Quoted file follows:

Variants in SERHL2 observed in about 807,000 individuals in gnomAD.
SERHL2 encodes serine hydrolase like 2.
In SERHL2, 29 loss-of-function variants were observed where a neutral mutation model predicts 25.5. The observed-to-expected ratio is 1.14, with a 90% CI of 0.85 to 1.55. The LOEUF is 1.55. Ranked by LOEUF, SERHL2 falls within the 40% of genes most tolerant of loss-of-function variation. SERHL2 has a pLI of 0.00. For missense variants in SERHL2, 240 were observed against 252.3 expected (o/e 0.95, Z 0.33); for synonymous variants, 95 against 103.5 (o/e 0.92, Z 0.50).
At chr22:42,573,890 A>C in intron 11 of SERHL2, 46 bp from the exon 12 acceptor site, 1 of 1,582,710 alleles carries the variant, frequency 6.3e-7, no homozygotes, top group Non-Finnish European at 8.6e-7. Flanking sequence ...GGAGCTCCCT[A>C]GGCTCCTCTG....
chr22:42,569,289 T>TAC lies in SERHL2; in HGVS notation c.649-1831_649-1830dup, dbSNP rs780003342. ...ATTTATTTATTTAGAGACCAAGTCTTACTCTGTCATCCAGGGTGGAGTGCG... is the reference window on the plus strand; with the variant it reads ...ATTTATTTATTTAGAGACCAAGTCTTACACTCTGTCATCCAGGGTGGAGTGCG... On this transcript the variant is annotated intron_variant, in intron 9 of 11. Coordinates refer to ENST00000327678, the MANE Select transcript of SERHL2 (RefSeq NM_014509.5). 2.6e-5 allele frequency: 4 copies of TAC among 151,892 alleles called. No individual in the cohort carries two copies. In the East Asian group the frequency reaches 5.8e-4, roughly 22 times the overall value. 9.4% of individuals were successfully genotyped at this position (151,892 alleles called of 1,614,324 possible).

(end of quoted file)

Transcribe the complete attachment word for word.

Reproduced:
Variants in SERHL2 observed in about 807,000 individuals in gnomAD.
SERHL2 encodes serine hydrolase like 2.
In SERHL2, 29 loss-of-function variants were observed where a neutral mutation model predicts 25.5. The observed-to-expected ratio is 1.14, with a 90% CI of 0.85 to 1.55. The LOEUF is 1.55. Ranked by LOEUF, SERHL2 falls within the 40% of genes most tolerant of loss-of-function variation. SERHL2 has a pLI of 0.00. For missense variants in SERHL2, 240 were observed against 252.3 expected (o/e 0.95, Z 0.33); for synonymous variants, 95 against 103.5 (o/e 0.92, Z 0.50).
At chr22:42,573,890 A>C in intron 11 of SERHL2, 46 bp from the exon 12 acceptor site, 1 of 1,582,710 alleles carries the variant, frequency 6.3e-7, no homozygotes, top group Non-Finnish European at 8.6e-7. Flanking sequence ...GGAGCTCCCT[A>C]GGCTCCTCTG....
chr22:42,569,289 T>TAC lies in SERHL2; in HGVS notation c.649-1831_649-1830dup, dbSNP rs780003342. ...ATTTATTTATTTAGAGACCAAGTCTTACTCTGTCATCCAGGGTGGAGTGCG... is the reference window on the plus strand; with the variant it reads ...ATTTATTTATTTAGAGACCAAGTCTTACACTCTGTCATCCAGGGTGGAGTGCG... On this transcript the variant is annotated intron_variant, in intron 9 of 11. Coordinates refer to ENST00000327678, the MANE Select transcript of SERHL2 (RefSeq NM_014509.5). 2.6e-5 allele frequency: 4 copies of TAC among 151,892 alleles called. No individual in the cohort carries two copies. In the East Asian group the frequency reaches 5.8e-4, roughly 22 times the overall value. 9.4% of individuals were successfully genotyped at this position (151,892 alleles called of 1,614,324 possible).